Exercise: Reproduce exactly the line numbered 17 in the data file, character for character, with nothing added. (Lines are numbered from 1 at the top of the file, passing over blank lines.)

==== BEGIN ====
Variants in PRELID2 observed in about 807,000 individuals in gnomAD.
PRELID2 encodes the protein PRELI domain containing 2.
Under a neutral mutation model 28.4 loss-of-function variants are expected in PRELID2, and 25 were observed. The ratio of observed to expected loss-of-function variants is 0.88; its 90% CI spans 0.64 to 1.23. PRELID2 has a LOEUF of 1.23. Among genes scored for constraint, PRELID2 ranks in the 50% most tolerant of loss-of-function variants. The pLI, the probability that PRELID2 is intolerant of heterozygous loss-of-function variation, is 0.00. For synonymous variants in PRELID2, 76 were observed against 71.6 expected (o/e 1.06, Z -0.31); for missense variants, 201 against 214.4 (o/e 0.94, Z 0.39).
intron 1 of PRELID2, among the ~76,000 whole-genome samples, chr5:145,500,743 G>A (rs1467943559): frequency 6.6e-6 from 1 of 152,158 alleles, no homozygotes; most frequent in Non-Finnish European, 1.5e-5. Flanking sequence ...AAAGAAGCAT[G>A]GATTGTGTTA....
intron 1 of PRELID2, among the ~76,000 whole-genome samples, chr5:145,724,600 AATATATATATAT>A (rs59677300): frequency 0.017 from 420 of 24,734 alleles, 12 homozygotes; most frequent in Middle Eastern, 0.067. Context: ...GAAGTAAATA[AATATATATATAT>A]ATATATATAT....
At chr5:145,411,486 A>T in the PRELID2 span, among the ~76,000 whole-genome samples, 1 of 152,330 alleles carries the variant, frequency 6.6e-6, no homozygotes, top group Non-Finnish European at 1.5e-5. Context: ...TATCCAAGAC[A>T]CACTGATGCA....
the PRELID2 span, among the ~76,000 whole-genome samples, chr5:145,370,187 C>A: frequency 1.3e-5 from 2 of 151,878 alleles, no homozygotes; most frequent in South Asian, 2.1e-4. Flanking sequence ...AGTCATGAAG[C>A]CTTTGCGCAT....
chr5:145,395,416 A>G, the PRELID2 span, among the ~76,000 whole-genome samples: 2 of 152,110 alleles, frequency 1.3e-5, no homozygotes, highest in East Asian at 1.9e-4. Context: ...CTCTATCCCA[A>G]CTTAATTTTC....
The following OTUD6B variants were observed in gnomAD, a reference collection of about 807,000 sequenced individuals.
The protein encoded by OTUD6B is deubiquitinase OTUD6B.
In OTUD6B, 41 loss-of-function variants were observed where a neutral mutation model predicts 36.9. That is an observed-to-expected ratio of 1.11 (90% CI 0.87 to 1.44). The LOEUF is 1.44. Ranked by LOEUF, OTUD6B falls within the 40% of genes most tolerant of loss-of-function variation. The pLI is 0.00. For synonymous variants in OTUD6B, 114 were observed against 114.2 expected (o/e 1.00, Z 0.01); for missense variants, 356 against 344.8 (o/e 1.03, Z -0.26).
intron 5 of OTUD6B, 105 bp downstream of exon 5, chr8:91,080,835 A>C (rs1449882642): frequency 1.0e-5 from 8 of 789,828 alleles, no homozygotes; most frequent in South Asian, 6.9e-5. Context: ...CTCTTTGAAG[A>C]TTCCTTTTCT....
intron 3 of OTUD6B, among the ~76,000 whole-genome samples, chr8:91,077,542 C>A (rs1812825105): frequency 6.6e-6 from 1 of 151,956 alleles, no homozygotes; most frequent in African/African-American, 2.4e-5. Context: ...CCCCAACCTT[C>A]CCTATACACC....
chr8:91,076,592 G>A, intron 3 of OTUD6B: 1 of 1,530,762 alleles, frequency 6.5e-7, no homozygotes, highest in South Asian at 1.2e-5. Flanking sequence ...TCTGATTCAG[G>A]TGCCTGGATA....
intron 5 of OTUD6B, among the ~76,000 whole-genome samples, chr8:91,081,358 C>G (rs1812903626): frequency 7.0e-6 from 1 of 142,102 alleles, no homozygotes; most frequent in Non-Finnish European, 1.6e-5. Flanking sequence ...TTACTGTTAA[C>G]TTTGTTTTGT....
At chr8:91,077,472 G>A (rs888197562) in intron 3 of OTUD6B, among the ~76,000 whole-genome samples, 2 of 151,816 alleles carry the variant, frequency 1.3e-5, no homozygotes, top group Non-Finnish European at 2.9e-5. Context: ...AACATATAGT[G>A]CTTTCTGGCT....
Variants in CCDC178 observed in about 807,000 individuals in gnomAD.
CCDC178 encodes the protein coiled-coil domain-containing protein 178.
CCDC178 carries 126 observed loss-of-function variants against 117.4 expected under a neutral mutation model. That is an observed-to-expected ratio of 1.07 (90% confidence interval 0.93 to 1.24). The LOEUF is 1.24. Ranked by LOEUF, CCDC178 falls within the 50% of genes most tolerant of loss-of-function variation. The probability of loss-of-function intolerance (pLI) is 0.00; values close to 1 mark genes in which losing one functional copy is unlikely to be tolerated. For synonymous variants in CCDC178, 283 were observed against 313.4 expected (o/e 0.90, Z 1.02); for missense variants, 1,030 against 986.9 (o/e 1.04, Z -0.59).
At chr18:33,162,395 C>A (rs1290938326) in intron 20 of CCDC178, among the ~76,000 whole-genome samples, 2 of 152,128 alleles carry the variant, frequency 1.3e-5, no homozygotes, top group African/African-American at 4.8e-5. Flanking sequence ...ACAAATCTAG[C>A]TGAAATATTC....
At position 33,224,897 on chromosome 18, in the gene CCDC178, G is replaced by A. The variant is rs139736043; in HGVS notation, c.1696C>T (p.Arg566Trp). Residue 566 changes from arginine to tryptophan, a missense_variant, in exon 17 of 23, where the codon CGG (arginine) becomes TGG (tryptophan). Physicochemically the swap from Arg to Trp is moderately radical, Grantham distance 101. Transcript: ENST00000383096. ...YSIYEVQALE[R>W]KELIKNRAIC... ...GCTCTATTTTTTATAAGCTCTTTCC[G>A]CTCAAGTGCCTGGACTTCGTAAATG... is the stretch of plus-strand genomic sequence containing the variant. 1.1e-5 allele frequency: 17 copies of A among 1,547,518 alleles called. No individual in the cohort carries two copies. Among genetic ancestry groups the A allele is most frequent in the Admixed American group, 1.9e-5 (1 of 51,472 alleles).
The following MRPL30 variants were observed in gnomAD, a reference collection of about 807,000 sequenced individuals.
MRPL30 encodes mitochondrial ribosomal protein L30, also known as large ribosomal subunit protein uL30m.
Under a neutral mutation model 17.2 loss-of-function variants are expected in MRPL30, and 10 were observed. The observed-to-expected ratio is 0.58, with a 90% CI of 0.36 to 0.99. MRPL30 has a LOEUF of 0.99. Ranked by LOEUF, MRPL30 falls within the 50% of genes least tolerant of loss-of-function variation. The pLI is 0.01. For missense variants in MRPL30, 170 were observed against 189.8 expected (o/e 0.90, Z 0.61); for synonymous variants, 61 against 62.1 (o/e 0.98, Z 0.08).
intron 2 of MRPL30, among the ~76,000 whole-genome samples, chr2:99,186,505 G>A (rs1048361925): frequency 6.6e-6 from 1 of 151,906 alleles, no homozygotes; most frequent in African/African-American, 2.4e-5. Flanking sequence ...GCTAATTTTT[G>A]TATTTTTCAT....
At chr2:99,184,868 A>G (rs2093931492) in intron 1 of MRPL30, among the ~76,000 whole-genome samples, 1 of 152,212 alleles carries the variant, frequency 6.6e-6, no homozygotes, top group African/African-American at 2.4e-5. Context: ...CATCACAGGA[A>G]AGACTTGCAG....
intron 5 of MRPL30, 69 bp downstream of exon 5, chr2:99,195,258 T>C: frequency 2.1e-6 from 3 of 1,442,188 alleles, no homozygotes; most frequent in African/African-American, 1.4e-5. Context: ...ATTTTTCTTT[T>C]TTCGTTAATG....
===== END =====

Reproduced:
Variants in CCDC178 observed in about 807,000 individuals in gnomAD.